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  • Archive for the ‘EITC’ Category

    Spread the Word about the Earned Income Tax Credit!

    Friday, January 25th, 2013

    Updated for Tax Year 2013!

    The Earned Income Tax Credit (EITC) can help eligible workers save up to $5,891 on their 2013 federal tax returns, and even more if you live in a state with a similar state credit. Yet only 1 in 5 people eligible for the credit actually claim it. In order to receive the credit, you must file a federal tax return, even if your income is below the federal tax return filing requirement. The good news is that this can be done for free by visiting the IRS website at www.IRS.gov/freefile to download free tax preparation software, or by visiting a VITA (Volunteer Income Tax Assistance) location near you. For more information about free tax preparation help and to find a VITA location near you, click here.

    You may qualify for EITC if you worked any part of last year and earned $50,000 or less. How much you receive depends on your family size, income, and a few other factors. The savings can be significant. The average savings last year was over $2,200.

    Families that have received the credit have used it to buy goods necessary to keep their family afloat during these hard economic times. One mother used her credit to buy a sewing machine so that she could make her children’s clothes at home rather than spend money buying them. Other parents have used the credit to put their children in extracurricular activities that used to be provided by the schools.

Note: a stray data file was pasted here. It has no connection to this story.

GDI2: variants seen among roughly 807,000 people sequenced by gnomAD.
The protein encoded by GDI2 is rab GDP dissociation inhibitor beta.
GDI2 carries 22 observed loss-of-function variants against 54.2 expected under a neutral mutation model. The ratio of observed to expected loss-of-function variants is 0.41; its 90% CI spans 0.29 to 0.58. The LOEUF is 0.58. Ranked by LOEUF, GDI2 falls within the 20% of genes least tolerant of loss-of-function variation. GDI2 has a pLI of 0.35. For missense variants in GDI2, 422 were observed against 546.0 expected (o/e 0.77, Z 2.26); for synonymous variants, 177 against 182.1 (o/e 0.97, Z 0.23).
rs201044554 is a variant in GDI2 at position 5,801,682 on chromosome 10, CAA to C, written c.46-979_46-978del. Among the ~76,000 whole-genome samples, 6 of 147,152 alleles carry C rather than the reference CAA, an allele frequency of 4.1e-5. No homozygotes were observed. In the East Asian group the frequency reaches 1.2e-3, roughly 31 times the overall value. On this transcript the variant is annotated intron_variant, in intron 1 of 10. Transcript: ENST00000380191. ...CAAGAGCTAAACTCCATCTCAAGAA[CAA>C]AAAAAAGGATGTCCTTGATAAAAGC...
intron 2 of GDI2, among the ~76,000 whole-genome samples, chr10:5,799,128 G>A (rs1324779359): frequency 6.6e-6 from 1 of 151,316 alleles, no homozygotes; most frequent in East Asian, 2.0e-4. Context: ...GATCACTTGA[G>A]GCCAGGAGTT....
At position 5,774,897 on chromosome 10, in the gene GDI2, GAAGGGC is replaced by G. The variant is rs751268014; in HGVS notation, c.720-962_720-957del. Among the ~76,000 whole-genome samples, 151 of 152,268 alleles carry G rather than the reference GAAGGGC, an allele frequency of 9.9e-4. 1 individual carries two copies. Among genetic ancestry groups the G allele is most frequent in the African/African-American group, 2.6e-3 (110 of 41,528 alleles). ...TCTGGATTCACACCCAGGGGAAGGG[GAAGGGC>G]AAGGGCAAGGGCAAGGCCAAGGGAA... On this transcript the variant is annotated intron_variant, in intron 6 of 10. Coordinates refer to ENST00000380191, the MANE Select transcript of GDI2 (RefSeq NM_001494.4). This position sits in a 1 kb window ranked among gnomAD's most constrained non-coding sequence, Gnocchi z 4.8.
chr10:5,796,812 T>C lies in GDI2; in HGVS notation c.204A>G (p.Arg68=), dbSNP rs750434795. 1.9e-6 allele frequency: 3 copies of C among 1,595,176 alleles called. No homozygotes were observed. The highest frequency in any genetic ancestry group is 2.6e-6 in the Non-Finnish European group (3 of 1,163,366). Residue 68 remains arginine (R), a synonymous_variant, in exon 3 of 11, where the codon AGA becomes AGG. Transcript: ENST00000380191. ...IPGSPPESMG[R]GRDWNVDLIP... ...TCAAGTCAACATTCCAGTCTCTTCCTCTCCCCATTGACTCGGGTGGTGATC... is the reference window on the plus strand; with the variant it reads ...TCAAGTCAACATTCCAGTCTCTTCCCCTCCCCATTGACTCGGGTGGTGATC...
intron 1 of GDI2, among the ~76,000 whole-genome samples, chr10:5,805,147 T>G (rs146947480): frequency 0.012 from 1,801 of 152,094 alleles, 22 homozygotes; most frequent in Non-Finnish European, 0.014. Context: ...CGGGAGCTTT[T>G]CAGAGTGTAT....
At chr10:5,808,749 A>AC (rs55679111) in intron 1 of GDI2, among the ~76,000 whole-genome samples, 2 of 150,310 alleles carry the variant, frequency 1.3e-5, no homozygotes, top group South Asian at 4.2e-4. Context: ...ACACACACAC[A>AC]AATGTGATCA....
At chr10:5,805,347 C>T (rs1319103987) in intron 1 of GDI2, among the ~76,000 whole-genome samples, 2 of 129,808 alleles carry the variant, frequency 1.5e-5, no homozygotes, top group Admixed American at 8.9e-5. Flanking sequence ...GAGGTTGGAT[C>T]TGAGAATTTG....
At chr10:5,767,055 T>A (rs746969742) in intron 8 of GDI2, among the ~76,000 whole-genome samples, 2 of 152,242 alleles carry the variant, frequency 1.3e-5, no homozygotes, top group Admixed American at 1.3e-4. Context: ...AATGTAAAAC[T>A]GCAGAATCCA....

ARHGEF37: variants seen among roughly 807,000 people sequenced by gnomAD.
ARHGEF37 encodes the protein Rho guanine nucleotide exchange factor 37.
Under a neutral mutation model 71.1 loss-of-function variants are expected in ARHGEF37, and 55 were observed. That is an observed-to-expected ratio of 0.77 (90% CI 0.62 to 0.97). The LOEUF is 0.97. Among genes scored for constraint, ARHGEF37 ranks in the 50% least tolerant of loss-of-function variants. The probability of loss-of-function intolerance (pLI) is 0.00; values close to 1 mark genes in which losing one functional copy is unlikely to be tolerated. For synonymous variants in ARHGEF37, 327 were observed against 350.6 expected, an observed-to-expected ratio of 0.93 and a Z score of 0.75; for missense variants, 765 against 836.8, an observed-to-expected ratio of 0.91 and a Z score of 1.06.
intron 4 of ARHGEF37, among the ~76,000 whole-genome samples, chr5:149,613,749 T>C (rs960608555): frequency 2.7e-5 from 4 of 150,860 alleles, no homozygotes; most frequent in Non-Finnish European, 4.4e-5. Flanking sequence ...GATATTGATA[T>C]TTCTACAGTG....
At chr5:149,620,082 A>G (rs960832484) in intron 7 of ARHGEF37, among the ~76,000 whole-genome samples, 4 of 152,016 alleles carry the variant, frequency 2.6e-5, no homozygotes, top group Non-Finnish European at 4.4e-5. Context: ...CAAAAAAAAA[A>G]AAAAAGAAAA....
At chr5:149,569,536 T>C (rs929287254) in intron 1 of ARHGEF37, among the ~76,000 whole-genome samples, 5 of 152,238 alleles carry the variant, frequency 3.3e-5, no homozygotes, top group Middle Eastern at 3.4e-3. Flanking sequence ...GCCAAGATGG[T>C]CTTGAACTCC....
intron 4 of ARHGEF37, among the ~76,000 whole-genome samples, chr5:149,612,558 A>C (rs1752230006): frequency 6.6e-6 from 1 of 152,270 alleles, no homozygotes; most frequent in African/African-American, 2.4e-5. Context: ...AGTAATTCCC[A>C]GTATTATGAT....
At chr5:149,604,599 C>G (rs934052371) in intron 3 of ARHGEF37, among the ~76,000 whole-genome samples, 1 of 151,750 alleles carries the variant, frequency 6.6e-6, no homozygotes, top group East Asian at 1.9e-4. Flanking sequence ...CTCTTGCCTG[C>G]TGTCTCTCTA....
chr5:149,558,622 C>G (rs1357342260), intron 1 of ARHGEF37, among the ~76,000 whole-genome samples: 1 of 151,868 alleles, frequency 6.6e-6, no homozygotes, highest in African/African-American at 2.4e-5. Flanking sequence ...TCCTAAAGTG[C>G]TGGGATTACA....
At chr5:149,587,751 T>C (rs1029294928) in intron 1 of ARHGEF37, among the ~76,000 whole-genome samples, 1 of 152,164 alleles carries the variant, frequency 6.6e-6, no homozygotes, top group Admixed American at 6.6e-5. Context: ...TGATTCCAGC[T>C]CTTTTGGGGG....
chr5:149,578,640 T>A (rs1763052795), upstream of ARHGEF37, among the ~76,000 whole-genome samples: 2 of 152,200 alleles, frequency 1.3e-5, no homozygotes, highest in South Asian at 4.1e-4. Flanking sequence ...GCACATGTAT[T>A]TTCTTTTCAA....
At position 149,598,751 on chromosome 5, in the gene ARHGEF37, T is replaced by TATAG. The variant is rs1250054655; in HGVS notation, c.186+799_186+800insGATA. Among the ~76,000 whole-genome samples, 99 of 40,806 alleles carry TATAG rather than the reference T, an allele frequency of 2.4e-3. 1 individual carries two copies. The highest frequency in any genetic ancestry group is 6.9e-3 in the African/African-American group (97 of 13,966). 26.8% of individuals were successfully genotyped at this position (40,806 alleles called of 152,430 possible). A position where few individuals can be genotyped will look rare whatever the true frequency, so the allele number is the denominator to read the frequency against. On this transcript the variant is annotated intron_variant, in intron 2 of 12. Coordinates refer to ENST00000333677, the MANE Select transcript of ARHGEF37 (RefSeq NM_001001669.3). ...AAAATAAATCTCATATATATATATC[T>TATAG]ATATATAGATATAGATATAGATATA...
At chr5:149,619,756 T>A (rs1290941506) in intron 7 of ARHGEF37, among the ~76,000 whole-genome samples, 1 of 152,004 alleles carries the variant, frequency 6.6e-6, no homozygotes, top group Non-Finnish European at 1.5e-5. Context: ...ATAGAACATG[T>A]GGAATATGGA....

Single people can also benefit greatly from the credit, using the money to supplement their income. Remember, you only have to have worked part of the year to be eligible for the credit, meaning that if you were laid off at some point last year, you still qualify. This credit can help you during your time of unemployment. One woman was able to use her credit to start taking online college courses and is now close to finishing her college degree.

    The Earned Income Tax Credit is an underutilized tool that helps individuals and families better their financial situations. Studies have found that the EITC encourages work, reduces poverty, helps families meet basic needs, and improves children’s achievement in school and likely increases their earnings as adults. A 2011 study found that the majority of people who recieve the credit do so for only one or two years before their income increases enough to disqualify them from receiving the credit again.* This shows how useful the Earned Income Tax Credit can be to individuals and families that are working hard to increase their financial security.

    Help WISER spread the word about the Earned Income Tax Credit to your family, friends, and community. You earned it. Now claim it!

    To help spread the word, you can download resources at EITSoutreach.org.

    Tax Credits for Working Families has even more information on both federal and state tax credits.

    You can also share this IRS video about the Earned Income Tax Credit with your family and friends.

    *Tim Dowd and John B. Horowitz, “Income Mobility and the Earned Income Tax Credit: Short-Term Safety Net or Long-Term Income Support,” Public Finance Review (September 2011), 619-652

    Stick to Your Financial Resolutions, One Month at a Time

    Thursday, January 17th, 2013

    At the start of a new year, we often set financial goals for ourselves. But many times our financial resolutions can be intimidating, even overwhelming, and sometimes it is hard to sustain our good financial intentions over the entire year. To help break down these financial goals into more manageable pieces, read WISER’s fact sheet “12 Helpful Tips for 2013.” In this fact sheet, we cover some of the most important financial steps women can take. If devoting an entire year to trying to keep up with all of them sounds challenging, we encourage you to tackle at least one a month. By the time 2014 rolls around, you will have taken 12 important strides in achieving financial and retirement security.